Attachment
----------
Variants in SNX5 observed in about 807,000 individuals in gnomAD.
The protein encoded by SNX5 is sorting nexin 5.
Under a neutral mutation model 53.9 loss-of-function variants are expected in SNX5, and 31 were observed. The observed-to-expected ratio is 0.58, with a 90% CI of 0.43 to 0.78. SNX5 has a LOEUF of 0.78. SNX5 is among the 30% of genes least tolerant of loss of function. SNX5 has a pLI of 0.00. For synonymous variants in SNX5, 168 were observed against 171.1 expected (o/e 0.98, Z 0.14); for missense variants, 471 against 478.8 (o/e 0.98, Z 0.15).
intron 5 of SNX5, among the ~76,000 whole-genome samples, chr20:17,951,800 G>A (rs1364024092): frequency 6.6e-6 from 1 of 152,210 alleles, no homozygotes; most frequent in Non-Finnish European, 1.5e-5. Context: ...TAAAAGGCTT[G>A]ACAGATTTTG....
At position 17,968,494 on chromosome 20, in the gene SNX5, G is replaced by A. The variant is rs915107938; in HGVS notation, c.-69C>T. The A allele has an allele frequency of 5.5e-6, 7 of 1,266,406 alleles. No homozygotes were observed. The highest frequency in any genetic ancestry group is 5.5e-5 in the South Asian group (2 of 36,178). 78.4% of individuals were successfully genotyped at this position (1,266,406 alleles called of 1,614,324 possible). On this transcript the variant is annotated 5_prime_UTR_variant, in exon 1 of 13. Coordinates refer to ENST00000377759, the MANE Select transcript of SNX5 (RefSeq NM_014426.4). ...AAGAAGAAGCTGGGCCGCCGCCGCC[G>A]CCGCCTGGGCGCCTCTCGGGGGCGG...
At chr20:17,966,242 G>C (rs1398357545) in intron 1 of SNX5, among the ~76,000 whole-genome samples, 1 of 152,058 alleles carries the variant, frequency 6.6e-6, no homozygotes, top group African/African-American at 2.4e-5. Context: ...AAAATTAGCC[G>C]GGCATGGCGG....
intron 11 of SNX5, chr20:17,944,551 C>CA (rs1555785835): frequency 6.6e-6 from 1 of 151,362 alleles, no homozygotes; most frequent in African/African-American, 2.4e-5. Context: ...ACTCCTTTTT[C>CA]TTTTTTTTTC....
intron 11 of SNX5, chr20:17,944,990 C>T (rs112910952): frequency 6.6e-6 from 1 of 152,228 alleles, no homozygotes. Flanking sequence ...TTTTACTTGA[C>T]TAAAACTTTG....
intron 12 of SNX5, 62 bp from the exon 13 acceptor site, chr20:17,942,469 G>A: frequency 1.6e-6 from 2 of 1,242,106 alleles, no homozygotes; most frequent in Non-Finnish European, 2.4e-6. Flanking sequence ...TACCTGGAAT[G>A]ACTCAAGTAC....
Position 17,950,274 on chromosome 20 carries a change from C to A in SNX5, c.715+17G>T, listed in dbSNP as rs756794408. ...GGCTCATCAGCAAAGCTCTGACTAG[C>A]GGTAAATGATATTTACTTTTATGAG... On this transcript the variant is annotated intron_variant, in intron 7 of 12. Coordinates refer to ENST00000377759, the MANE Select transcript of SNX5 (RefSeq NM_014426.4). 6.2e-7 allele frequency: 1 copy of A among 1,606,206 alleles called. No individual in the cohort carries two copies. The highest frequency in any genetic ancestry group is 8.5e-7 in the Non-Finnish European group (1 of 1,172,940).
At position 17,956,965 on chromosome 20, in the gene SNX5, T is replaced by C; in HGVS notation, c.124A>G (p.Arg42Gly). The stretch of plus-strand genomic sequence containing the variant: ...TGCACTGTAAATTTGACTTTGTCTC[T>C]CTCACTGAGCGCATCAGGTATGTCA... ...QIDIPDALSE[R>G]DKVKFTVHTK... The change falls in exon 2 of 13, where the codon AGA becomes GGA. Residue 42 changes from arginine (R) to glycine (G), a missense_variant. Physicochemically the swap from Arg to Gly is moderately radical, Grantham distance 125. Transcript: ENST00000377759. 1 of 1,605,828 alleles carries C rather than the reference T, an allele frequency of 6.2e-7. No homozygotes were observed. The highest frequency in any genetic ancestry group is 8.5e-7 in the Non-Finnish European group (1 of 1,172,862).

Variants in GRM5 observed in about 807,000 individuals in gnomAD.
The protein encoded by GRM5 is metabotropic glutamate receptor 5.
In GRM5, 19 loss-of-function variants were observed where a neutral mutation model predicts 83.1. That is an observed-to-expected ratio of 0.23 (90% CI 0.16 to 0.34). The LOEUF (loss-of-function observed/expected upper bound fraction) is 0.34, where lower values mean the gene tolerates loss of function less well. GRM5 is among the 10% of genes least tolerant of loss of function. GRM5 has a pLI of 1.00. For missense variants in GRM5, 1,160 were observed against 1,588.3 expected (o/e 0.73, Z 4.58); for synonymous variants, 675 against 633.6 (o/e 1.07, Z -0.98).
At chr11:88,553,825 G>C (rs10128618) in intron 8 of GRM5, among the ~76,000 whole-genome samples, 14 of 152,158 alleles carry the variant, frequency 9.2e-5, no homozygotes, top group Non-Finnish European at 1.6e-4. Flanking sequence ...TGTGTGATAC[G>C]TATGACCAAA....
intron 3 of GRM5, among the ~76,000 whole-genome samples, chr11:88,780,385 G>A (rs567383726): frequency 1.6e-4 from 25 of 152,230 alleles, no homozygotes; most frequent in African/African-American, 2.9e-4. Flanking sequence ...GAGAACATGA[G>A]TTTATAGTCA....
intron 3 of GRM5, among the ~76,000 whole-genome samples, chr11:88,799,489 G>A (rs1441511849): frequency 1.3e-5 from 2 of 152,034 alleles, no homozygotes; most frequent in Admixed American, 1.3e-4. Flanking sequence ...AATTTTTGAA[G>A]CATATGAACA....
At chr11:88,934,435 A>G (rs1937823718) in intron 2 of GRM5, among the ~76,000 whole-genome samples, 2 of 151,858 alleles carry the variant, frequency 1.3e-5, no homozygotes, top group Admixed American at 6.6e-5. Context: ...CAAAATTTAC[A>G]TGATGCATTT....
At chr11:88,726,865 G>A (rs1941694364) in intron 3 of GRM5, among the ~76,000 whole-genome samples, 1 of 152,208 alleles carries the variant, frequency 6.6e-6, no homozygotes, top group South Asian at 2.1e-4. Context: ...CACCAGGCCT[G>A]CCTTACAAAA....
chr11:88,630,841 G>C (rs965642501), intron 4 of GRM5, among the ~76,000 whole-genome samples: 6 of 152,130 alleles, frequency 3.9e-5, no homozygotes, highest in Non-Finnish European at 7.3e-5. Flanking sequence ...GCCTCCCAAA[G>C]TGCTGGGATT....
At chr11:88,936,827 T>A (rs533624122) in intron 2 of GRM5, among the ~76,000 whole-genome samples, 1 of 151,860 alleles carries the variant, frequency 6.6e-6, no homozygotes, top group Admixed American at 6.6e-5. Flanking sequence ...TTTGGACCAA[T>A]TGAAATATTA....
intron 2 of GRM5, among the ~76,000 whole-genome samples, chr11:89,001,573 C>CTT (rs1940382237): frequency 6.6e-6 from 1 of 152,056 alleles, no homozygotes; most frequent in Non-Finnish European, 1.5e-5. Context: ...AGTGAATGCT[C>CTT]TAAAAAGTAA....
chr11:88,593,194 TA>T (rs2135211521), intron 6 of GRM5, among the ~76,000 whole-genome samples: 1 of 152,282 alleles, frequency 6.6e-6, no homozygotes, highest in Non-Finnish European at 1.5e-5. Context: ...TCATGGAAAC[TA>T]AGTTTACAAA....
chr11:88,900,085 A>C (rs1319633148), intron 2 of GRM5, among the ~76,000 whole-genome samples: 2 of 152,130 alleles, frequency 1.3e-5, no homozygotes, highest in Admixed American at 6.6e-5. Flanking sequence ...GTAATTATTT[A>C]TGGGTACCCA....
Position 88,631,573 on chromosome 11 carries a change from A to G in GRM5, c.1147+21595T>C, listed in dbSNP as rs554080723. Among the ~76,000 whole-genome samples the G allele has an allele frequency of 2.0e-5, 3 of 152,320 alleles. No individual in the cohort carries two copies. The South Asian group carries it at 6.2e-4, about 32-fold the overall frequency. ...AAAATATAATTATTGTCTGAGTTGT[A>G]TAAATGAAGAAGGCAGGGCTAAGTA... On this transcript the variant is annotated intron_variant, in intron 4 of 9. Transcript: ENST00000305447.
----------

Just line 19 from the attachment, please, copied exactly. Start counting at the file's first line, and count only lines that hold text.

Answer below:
At chr11:88,726,865 G>A (rs1941694364) in intron 3 of GRM5, among the ~76,000 whole-genome samples, 1 of 152,208 alleles carries the variant, frequency 6.6e-6, no homozygotes, top group South Asian at 2.1e-4. Context: ...CACCAGGCCT[G>A]CCTTACAAAA....